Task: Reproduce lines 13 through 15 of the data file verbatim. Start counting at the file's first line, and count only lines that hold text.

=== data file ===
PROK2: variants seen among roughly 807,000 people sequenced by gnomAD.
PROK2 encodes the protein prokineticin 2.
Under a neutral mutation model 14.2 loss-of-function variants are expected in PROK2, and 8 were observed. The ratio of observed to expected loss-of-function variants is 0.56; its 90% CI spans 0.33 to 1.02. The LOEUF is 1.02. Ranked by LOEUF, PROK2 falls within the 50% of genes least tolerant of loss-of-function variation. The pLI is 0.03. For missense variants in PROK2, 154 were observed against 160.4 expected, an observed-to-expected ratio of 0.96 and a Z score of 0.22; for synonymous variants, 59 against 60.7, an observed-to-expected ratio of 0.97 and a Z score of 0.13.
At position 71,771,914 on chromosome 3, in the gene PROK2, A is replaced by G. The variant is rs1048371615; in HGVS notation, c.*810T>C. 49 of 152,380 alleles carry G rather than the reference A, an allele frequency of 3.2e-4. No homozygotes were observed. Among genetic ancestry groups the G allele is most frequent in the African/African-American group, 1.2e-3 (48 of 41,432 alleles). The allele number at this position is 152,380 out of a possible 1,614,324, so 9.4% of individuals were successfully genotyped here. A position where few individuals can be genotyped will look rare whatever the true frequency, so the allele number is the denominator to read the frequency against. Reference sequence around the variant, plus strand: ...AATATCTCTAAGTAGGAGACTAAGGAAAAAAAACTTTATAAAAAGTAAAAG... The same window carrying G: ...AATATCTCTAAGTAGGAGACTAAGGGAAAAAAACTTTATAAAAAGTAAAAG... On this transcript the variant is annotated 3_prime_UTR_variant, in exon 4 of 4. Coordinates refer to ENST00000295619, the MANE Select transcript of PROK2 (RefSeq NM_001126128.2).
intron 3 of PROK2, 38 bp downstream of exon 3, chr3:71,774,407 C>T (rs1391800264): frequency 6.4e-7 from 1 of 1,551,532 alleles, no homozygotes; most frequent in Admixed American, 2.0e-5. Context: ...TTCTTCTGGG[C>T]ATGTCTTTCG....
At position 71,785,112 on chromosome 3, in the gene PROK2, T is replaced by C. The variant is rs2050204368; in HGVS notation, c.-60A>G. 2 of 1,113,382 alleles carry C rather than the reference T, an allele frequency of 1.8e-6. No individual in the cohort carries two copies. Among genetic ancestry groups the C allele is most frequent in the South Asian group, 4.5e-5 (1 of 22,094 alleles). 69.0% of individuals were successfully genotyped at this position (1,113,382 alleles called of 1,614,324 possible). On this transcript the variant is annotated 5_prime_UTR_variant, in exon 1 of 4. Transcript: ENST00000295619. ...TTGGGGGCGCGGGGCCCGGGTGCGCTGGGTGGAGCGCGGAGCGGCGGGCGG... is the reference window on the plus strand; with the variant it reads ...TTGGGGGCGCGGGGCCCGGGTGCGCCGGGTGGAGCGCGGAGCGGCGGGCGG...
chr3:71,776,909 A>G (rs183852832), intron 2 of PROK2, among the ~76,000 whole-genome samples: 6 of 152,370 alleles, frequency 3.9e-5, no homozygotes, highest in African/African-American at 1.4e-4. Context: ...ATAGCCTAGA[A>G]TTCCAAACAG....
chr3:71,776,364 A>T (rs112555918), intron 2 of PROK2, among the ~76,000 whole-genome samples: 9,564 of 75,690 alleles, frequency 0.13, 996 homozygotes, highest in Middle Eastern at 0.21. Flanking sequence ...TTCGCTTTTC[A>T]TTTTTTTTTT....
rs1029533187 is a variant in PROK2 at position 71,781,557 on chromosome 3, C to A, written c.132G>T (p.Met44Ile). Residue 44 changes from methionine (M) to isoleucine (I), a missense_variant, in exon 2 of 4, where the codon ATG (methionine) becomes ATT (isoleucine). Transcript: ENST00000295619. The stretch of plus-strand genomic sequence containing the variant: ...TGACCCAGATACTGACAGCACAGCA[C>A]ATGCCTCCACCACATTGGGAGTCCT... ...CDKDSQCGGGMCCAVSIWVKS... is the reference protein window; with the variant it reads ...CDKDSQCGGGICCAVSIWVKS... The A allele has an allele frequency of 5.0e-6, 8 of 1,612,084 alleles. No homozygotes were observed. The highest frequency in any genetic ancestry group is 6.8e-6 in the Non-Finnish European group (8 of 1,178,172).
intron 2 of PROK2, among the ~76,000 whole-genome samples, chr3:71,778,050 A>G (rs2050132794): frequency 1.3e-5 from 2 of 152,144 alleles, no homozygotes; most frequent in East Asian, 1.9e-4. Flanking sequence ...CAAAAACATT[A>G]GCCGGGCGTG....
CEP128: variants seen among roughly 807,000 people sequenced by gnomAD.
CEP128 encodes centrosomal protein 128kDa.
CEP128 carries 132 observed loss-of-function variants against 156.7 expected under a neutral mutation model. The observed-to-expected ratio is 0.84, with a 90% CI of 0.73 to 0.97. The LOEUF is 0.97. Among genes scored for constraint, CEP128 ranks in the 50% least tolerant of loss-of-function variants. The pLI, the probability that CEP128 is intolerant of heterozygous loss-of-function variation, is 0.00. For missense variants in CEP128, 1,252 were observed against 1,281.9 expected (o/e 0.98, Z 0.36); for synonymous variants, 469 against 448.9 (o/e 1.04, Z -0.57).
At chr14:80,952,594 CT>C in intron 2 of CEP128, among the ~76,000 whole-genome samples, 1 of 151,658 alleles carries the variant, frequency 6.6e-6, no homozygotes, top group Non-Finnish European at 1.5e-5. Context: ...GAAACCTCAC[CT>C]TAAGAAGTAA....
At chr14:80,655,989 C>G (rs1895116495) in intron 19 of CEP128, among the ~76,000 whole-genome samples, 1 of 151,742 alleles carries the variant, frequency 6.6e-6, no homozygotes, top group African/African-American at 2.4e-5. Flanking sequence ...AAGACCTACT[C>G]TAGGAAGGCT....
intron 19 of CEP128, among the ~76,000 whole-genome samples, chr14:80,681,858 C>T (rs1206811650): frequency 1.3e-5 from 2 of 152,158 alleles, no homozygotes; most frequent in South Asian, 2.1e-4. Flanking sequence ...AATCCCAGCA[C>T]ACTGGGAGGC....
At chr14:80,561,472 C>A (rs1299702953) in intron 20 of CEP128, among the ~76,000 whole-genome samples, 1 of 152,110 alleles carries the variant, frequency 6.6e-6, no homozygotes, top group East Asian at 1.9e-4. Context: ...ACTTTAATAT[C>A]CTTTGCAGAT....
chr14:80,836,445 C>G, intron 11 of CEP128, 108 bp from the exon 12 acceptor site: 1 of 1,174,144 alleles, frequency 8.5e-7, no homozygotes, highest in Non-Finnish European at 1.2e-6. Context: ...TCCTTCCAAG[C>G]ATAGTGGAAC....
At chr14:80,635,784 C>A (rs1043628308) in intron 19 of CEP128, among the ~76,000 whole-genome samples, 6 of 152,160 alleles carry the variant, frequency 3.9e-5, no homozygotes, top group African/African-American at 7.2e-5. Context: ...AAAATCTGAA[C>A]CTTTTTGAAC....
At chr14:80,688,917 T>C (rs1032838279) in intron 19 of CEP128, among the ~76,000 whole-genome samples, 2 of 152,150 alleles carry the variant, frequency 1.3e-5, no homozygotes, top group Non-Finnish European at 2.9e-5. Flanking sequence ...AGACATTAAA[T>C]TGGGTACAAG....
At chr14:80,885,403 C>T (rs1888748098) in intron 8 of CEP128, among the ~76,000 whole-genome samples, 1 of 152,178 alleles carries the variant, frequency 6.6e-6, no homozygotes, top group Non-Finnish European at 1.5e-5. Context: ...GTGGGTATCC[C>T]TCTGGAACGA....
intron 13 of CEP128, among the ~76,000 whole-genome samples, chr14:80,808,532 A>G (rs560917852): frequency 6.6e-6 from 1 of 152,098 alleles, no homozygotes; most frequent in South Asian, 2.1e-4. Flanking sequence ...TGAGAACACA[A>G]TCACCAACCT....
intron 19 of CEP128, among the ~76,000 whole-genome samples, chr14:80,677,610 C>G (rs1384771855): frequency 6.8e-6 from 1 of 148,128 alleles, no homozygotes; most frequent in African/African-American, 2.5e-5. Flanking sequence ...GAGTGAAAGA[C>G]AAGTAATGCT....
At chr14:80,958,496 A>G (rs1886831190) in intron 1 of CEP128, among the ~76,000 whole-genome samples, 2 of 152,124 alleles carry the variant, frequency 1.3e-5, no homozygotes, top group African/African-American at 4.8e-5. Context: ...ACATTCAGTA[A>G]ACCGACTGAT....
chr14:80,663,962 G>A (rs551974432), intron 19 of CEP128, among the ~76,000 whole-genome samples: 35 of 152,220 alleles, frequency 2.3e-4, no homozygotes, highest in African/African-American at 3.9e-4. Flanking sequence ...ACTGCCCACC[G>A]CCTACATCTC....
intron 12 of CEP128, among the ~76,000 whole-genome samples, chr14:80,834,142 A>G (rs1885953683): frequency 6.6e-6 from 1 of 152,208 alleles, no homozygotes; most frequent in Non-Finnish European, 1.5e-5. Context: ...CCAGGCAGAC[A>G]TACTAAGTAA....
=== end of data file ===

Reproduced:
CEP128 carries 132 observed loss-of-function variants against 156.7 expected under a neutral mutation model. The observed-to-expected ratio is 0.84, with a 90% CI of 0.73 to 0.97. The LOEUF is 0.97. Among genes scored for constraint, CEP128 ranks in the 50% least tolerant of loss-of-function variants. The pLI, the probability that CEP128 is intolerant of heterozygous loss-of-function variation, is 0.00. For missense variants in CEP128, 1,252 were observed against 1,281.9 expected (o/e 0.98, Z 0.36); for synonymous variants, 469 against 448.9 (o/e 1.04, Z -0.57).
At chr14:80,952,594 CT>C in intron 2 of CEP128, among the ~76,000 whole-genome samples, 1 of 151,658 alleles carries the variant, frequency 6.6e-6, no homozygotes, top group Non-Finnish European at 1.5e-5. Context: ...GAAACCTCAC[CT>C]TAAGAAGTAA....
At chr14:80,655,989 C>G (rs1895116495) in intron 19 of CEP128, among the ~76,000 whole-genome samples, 1 of 151,742 alleles carries the variant, frequency 6.6e-6, no homozygotes, top group African/African-American at 2.4e-5. Flanking sequence ...AAGACCTACT[C>G]TAGGAAGGCT....